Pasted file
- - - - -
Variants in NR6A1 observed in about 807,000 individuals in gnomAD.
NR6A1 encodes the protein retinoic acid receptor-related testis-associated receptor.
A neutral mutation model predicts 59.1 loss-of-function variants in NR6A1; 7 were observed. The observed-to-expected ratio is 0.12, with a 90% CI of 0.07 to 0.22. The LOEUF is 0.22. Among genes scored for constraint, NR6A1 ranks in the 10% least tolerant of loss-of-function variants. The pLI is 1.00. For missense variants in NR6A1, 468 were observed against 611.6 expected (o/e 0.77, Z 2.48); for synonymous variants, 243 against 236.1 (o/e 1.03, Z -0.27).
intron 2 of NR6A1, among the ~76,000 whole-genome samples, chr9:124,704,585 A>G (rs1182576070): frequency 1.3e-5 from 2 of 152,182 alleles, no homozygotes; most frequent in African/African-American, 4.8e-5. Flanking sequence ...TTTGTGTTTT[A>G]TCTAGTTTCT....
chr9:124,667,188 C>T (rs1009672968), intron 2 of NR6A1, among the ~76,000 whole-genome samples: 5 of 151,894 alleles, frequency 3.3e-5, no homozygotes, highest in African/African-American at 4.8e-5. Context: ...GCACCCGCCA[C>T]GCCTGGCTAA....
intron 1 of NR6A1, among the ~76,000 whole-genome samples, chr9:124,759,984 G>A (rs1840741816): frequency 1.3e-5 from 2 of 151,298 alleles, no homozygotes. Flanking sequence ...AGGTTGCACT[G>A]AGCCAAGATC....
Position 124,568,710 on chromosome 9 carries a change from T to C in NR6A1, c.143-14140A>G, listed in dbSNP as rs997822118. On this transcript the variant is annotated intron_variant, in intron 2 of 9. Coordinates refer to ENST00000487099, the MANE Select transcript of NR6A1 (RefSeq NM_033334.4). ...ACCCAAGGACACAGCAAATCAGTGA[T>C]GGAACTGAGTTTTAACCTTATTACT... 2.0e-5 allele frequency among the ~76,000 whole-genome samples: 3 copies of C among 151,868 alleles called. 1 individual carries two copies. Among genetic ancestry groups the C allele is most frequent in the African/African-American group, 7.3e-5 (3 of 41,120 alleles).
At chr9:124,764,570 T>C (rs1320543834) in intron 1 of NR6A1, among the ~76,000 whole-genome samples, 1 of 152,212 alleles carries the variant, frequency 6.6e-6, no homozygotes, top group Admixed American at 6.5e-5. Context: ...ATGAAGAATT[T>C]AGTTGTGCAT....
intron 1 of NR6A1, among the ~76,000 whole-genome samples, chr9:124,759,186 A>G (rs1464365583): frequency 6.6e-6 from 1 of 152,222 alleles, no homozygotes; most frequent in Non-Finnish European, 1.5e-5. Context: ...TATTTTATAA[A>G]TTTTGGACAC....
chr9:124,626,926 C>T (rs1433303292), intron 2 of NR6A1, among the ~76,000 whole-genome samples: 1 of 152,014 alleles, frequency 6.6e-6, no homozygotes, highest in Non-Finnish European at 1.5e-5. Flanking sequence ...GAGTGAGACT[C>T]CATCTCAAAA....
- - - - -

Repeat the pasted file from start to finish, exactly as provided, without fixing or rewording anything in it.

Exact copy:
Variants in NR6A1 observed in about 807,000 individuals in gnomAD.
NR6A1 encodes the protein retinoic acid receptor-related testis-associated receptor.
A neutral mutation model predicts 59.1 loss-of-function variants in NR6A1; 7 were observed. The observed-to-expected ratio is 0.12, with a 90% CI of 0.07 to 0.22. The LOEUF is 0.22. Among genes scored for constraint, NR6A1 ranks in the 10% least tolerant of loss-of-function variants. The pLI is 1.00. For missense variants in NR6A1, 468 were observed against 611.6 expected (o/e 0.77, Z 2.48); for synonymous variants, 243 against 236.1 (o/e 1.03, Z -0.27).
intron 2 of NR6A1, among the ~76,000 whole-genome samples, chr9:124,704,585 A>G (rs1182576070): frequency 1.3e-5 from 2 of 152,182 alleles, no homozygotes; most frequent in African/African-American, 4.8e-5. Flanking sequence ...TTTGTGTTTT[A>G]TCTAGTTTCT....
chr9:124,667,188 C>T (rs1009672968), intron 2 of NR6A1, among the ~76,000 whole-genome samples: 5 of 151,894 alleles, frequency 3.3e-5, no homozygotes, highest in African/African-American at 4.8e-5. Context: ...GCACCCGCCA[C>T]GCCTGGCTAA....
intron 1 of NR6A1, among the ~76,000 whole-genome samples, chr9:124,759,984 G>A (rs1840741816): frequency 1.3e-5 from 2 of 151,298 alleles, no homozygotes. Flanking sequence ...AGGTTGCACT[G>A]AGCCAAGATC....
Position 124,568,710 on chromosome 9 carries a change from T to C in NR6A1, c.143-14140A>G, listed in dbSNP as rs997822118. On this transcript the variant is annotated intron_variant, in intron 2 of 9. Coordinates refer to ENST00000487099, the MANE Select transcript of NR6A1 (RefSeq NM_033334.4). ...ACCCAAGGACACAGCAAATCAGTGA[T>C]GGAACTGAGTTTTAACCTTATTACT... 2.0e-5 allele frequency among the ~76,000 whole-genome samples: 3 copies of C among 151,868 alleles called. 1 individual carries two copies. Among genetic ancestry groups the C allele is most frequent in the African/African-American group, 7.3e-5 (3 of 41,120 alleles).
At chr9:124,764,570 T>C (rs1320543834) in intron 1 of NR6A1, among the ~76,000 whole-genome samples, 1 of 152,212 alleles carries the variant, frequency 6.6e-6, no homozygotes, top group Admixed American at 6.5e-5. Context: ...ATGAAGAATT[T>C]AGTTGTGCAT....
intron 1 of NR6A1, among the ~76,000 whole-genome samples, chr9:124,759,186 A>G (rs1464365583): frequency 6.6e-6 from 1 of 152,222 alleles, no homozygotes; most frequent in Non-Finnish European, 1.5e-5. Context: ...TATTTTATAA[A>G]TTTTGGACAC....
chr9:124,626,926 C>T (rs1433303292), intron 2 of NR6A1, among the ~76,000 whole-genome samples: 1 of 152,014 alleles, frequency 6.6e-6, no homozygotes, highest in Non-Finnish European at 1.5e-5. Flanking sequence ...GAGTGAGACT[C>T]CATCTCAAAA....